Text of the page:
And then, other times, “producing” would mean making sure everything was running smoothly while the band did their thing without interference. On a recent session for Shaped In Dreams, whose debut single recently came out, my role as co-producer wasn’t involved in the writing and recording of the music at all. However, on top of mixing, mastering and playing the Turkish oud, I would connect the artist to several of “my people”, as guest musicians to perform previously programmed tracks, suggest the right vocalist, balancing the material out by suggesting that one of the instrumental tracks would get vocals, and finally make some music-biz connections for the artist to help promote and release the album.

The same goes for an EP that I’m finishing up right now for “Intercepting Pattern”, a polyrhythmic fusion-metal extravaganza in one giant 30 minute composition. The artist had such a strong vision for what the album was going to be instrumentally, that I stepped out of his way and only helped
him to choose the right session musicians for the job, the right studio and the right visual artist for the cover. But once we got to the stages that the artist wasn’t as competent and experienced in, meaning mixing/mastering, sound-effects, vocal arranging and lyrics, I was there every step of the way to guide him in his decision-making.

This collaboration was also a very rewarding one, as both the artist and I believed in the value of having a open and constructively critical discussions, in order to arrive at the best possible approach to any given problem. Sometimes I wonder whether they decline in actual production-work on metal albums might have something to do with the artist’s unwillingness to open themselves up to critical discussion. Again, even if anybody now CAN easily program an entire orchestra into their home-recorded metal album, doesn’t mean that they SHOULD. But having the ability to do these things at the push of a button can often lead to an inflated sense of artistic importance and grandiosity, which can lead to the artist undervaluing professional outside input.

Now, all of that being said, sometimes being a producer just means getting out of the way altogether and not interfering when the music starts happening. The awareness to know when to get involved and when not to is as essential as a good musical ear and the ability to work long hours without complaining or losing your temper. Just ask Rick Rubin, producer of Slayer‘s genre-defining Reign In Blood!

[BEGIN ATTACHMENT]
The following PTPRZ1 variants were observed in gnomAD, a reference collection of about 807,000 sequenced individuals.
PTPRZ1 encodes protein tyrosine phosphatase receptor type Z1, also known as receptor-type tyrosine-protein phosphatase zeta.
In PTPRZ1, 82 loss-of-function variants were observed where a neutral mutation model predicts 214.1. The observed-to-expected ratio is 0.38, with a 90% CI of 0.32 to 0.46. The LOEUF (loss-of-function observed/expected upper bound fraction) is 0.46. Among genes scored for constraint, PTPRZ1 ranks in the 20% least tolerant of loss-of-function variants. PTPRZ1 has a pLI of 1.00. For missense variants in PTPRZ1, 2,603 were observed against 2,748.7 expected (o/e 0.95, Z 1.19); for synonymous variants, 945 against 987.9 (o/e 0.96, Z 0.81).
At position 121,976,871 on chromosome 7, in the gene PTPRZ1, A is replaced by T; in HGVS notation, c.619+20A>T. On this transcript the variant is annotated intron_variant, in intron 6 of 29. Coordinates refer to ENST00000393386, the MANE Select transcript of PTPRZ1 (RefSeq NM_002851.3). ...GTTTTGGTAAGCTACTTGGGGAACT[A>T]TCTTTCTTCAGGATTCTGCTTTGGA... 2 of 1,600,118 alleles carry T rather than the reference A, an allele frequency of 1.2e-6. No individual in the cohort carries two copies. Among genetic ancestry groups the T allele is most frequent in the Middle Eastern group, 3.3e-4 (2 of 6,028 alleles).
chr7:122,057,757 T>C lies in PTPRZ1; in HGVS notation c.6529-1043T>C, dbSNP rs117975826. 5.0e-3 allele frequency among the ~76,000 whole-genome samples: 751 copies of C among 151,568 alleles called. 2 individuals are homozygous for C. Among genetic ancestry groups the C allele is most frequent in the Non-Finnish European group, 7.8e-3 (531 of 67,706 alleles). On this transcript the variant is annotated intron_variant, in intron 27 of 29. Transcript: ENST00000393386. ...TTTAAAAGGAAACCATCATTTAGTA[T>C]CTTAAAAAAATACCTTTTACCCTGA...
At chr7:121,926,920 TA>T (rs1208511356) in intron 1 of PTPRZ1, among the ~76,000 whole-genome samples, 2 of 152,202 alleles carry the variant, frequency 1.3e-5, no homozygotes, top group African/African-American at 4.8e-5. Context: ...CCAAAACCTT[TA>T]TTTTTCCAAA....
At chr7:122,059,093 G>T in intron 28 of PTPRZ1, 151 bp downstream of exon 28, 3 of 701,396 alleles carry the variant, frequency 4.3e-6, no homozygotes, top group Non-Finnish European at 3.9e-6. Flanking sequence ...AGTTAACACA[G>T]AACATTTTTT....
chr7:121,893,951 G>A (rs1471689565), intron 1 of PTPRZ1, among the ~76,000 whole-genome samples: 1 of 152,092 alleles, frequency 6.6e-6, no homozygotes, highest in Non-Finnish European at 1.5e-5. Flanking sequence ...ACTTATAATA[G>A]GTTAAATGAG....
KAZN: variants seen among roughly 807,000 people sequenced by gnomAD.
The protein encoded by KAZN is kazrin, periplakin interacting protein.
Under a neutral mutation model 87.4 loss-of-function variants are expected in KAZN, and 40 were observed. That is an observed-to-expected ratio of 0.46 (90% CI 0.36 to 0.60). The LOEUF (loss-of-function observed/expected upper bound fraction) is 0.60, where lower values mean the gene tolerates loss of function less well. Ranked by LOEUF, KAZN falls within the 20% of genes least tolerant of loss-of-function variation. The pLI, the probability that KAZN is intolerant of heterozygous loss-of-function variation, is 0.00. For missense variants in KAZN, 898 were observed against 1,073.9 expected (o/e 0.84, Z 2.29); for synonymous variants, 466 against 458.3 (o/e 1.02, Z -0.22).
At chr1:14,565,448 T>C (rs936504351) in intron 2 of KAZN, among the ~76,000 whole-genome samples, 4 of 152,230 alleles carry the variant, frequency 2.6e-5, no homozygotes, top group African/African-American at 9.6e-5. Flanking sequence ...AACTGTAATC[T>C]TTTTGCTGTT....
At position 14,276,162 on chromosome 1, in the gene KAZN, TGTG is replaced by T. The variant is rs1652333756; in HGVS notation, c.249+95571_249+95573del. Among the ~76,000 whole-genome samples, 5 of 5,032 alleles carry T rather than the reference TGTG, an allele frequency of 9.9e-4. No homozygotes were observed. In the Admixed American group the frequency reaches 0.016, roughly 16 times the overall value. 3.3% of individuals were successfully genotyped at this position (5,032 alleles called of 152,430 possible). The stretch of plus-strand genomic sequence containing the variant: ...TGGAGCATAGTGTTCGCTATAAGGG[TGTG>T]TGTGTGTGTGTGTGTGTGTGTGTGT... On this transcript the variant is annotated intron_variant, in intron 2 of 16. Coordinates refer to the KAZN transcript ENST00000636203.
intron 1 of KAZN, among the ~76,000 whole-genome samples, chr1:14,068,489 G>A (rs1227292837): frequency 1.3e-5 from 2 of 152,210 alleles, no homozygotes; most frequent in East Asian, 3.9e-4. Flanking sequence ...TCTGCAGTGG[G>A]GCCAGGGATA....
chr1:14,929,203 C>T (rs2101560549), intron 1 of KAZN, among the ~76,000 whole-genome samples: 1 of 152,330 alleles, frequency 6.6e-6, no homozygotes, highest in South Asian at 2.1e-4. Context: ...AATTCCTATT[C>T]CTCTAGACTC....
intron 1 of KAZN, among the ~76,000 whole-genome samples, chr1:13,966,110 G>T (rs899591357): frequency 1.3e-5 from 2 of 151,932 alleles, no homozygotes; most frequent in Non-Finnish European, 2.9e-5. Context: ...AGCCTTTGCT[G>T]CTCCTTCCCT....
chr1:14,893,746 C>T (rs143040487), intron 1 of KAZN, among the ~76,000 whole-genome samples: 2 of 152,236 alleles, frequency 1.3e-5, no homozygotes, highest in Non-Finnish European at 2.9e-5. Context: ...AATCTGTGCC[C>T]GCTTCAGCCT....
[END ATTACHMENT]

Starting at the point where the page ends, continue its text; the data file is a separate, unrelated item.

And finally, on several projects where I was not sitting in the producer’s chair myself, I was able to benefit and learn from the people doing the job. On Obscura‘s Akroasis” album, producer Victor Santura handled contrasting visions, approaches and abilities (as well as working with a
line-up that had not yet performed together before going into the studio) with grace and determination. I remember many instances where he had to make quick decisions for the greater good, while reacting to scheduling nightmares and the sometimes irrational demands and changes caused by one of the band members. He would sometimes be forced to work late into the night, and on a rabid pace.

But I should also mention that during those session, there was a song called “Ode To The Sun” that I saw very little potential in as a demo and didn’t feel like I had very much to contribute to. Subsequently, I ended up not playing on that song at all, while concentrating on the rest of the material, especially the music that I had written for the album. But upon hearing the final result of “Ode…”, after Victor had worked in the orchestral percussion, choir and vocal harmonies, the song had really come to life and ended up being a highlight on the album – proving that I had been wrong and that he had heard something in it that I didn’t at that time – just like a good producer should.

I hope that I was able to shed some light on this complex topic. If you are interested in the production-work that I have done, please do check out my current audio-showreel here:

If you want to hire me for production, mixing or mastering-work for your project or band, you can reach out to me through:

You can also check out the producer-page or discographie on my website,

Sound & vision, Love & Light.
Tom Fountainhead.


Published 5 years ago